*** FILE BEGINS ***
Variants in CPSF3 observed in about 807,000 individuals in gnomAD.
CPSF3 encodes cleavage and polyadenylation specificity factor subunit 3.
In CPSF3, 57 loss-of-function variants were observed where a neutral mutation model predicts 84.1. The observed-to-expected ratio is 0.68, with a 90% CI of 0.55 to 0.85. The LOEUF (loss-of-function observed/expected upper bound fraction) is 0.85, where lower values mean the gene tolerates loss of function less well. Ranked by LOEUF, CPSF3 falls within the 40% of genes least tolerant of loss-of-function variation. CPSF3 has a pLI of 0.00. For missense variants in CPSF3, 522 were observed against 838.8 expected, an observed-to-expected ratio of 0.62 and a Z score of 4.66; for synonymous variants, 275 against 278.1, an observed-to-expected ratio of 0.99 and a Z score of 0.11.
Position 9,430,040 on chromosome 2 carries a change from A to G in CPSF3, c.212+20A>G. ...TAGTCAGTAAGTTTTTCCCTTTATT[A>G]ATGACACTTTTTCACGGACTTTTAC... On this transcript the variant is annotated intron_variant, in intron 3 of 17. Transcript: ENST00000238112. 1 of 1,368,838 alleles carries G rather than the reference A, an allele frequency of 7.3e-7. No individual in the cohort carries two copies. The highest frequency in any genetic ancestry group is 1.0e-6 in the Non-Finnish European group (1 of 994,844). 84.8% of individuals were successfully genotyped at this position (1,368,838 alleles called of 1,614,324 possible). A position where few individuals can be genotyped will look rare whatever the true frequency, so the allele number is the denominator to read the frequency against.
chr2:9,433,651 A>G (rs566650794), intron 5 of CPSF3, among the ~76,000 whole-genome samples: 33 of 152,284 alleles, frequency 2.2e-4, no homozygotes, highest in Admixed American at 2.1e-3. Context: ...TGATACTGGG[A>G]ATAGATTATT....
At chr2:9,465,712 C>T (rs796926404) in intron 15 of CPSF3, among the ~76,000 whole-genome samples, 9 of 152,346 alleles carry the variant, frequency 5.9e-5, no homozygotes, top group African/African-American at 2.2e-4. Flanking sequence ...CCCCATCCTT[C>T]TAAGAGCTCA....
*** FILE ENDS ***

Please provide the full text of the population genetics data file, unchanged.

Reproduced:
Variants in CPSF3 observed in about 807,000 individuals in gnomAD.
CPSF3 encodes cleavage and polyadenylation specificity factor subunit 3.
In CPSF3, 57 loss-of-function variants were observed where a neutral mutation model predicts 84.1. The observed-to-expected ratio is 0.68, with a 90% CI of 0.55 to 0.85. The LOEUF (loss-of-function observed/expected upper bound fraction) is 0.85, where lower values mean the gene tolerates loss of function less well. Ranked by LOEUF, CPSF3 falls within the 40% of genes least tolerant of loss-of-function variation. CPSF3 has a pLI of 0.00. For missense variants in CPSF3, 522 were observed against 838.8 expected, an observed-to-expected ratio of 0.62 and a Z score of 4.66; for synonymous variants, 275 against 278.1, an observed-to-expected ratio of 0.99 and a Z score of 0.11.
Position 9,430,040 on chromosome 2 carries a change from A to G in CPSF3, c.212+20A>G. ...TAGTCAGTAAGTTTTTCCCTTTATT[A>G]ATGACACTTTTTCACGGACTTTTAC... On this transcript the variant is annotated intron_variant, in intron 3 of 17. Transcript: ENST00000238112. 1 of 1,368,838 alleles carries G rather than the reference A, an allele frequency of 7.3e-7. No individual in the cohort carries two copies. The highest frequency in any genetic ancestry group is 1.0e-6 in the Non-Finnish European group (1 of 994,844). 84.8% of individuals were successfully genotyped at this position (1,368,838 alleles called of 1,614,324 possible). A position where few individuals can be genotyped will look rare whatever the true frequency, so the allele number is the denominator to read the frequency against.
chr2:9,433,651 A>G (rs566650794), intron 5 of CPSF3, among the ~76,000 whole-genome samples: 33 of 152,284 alleles, frequency 2.2e-4, no homozygotes, highest in Admixed American at 2.1e-3. Context: ...TGATACTGGG[A>G]ATAGATTATT....
At chr2:9,465,712 C>T (rs796926404) in intron 15 of CPSF3, among the ~76,000 whole-genome samples, 9 of 152,346 alleles carry the variant, frequency 5.9e-5, no homozygotes, top group African/African-American at 2.2e-4. Flanking sequence ...CCCCATCCTT[C>T]TAAGAGCTCA....